Last week, energy regulator Ofgem announced the latest energy price cap would increase the cost of the average standard variable tariff to £3,549 – or £3,608 for those on a prepayment meter.  My phone started ringing at 7am on the morning of the announcement. It hasn’t stopped ringing since.

As people absorbed the news, one common theme emerged in the comments and questions I was hearing. A significant majority of people will struggle to pay their bills when the new cap comes in at the beginning of October. Just to compound things, the mind-boggling projections for future price rises from various consultancies are terrifying people. There can be no doubt that we need urgent action from the Government now.

Given the almost inconceivable situation the energy crisis puts us all in, it’s not surprising that people are desperate for practical, realistic solutions. The problem is the options on the table are not particularly practical, or realistic. Which brings me to the new energy price ‘fixes’ that some businesses are offering their customers. Are they a viable option to counter the ever-increasing rise of energy bills over the coming year? Here’s an overview of the situation – and my view.

How does fixing your bill work?

In ordinary circumstances, fixing a price for energy makes sense. Knowing you’ve agreed a monthly rate that you can afford to pay that’s more or less in line with your usual energy consumption can insulate you from the typical price fluctuations that occur over a year or two in the energy market.

But the world has changed dramatically in the last year and fixing is no longer the ‘safe’ option.

Recently, I’ve heard from a number of people who have told me they have been offered limited time deals on energy price fixing. The deals that have been quoted are often astounding. If you were paying £1,700 this time last year for your energy and suddenly you’re offered a fix for £4,500 for a year, you know that’s not a good deal. But with some projections of energy prices for the average family creeping over £6,500 by April 2023, many are seriously considering these deals as the answer to the crisis.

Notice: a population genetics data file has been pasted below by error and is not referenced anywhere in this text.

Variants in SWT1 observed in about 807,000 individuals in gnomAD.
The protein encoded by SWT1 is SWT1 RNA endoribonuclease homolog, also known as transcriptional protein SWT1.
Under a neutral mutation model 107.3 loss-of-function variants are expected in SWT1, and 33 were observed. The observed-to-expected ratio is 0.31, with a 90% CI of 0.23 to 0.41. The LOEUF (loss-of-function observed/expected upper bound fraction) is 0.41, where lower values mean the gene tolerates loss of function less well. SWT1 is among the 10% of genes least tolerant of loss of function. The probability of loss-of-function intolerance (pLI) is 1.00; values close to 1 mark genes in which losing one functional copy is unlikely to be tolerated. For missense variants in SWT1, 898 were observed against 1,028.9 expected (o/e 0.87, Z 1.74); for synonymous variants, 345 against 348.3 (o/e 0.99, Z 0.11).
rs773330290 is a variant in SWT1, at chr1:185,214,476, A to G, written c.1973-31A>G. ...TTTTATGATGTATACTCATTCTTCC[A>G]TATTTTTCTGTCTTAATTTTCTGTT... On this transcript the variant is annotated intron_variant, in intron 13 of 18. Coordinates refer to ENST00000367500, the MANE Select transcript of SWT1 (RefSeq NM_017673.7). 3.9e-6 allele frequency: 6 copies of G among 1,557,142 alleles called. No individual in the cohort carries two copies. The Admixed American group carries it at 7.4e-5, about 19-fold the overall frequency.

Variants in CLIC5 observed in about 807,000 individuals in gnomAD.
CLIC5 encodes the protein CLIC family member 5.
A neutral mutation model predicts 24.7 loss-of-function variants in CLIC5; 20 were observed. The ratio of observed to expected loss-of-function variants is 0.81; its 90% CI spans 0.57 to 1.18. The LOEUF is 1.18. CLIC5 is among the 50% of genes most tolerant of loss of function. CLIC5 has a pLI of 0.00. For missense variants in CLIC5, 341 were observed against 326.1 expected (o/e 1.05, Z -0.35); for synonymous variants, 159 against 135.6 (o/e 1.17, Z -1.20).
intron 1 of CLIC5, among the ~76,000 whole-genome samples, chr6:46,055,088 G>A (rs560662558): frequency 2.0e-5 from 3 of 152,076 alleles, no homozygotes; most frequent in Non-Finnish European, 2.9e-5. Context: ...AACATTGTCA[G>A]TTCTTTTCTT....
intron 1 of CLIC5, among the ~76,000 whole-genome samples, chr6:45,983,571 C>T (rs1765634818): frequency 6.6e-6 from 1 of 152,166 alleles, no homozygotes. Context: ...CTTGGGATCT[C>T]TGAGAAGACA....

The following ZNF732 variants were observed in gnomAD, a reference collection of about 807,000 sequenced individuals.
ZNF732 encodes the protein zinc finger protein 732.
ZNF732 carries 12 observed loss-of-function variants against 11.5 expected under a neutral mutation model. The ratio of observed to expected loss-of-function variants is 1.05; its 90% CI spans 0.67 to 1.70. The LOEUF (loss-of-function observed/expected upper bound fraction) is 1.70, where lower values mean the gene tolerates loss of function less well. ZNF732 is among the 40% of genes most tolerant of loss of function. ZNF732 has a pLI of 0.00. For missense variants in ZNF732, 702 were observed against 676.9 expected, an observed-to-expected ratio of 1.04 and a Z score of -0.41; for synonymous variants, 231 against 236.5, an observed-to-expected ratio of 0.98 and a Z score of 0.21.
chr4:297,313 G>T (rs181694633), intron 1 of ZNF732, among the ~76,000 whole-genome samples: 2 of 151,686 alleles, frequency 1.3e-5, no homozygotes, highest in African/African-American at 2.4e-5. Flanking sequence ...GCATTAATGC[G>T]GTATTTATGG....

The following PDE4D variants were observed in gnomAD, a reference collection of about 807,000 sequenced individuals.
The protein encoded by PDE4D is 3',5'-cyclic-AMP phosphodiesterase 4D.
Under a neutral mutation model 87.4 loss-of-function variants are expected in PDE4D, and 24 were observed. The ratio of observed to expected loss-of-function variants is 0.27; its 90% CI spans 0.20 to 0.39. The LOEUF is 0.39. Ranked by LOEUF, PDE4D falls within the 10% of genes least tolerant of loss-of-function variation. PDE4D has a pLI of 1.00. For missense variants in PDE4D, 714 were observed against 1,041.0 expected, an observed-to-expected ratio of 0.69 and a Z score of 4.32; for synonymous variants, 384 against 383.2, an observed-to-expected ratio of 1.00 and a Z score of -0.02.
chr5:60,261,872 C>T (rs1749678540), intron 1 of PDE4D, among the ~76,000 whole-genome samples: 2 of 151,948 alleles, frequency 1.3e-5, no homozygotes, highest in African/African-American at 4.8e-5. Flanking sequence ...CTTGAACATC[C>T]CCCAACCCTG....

The problem is we simply don’t know what the future holds. I’m deeply concerned that some people will panic and sign up to deals because they are worried about not being able to afford further price rises – even though the fixed prices they are being offered are neither feasible or affordable. Many of the people I’ve spoken to have told me that they feel obliged to take a bad deal for precisely this reason. But don’t be rushed in to anything. Here are some of the things you need to consider about what the future might hold.

What the future holds

Government action

It’s apparent to every expert, economist and consumer expert that I speak to that most people will struggle with the stratospheric rise of energy bills. And that means the Government must take decisive action – and take it soon. There are many (difficult) potential answers to the crisis, from nationalisation to windfall taxes. But the Government will need to make decisions with multi-billion-pound consequences. That matters because when those decisions are revealed and implemented, if the price of energy drops you could find yourself locked in to a much more expensive deal.

Expensive exit fees

Not so long ago, it wasn’t that expensive to leave your fixed rate deal early. Exit fees – the price you pay for breaking the contract early – used to be relatively manageable. But the Times reported recently that some exit fees have increased significantly, with some providers charging up to £600 to leave a contract mid-term. It has also been reported that energy exit fees have gone up tenfold. Exit fees are under the microscope at the moment, with the telecommunications industry being told to waive them for people who are struggling financially. For now though, exit fees do apply in the energy sector.

Energy discount schemes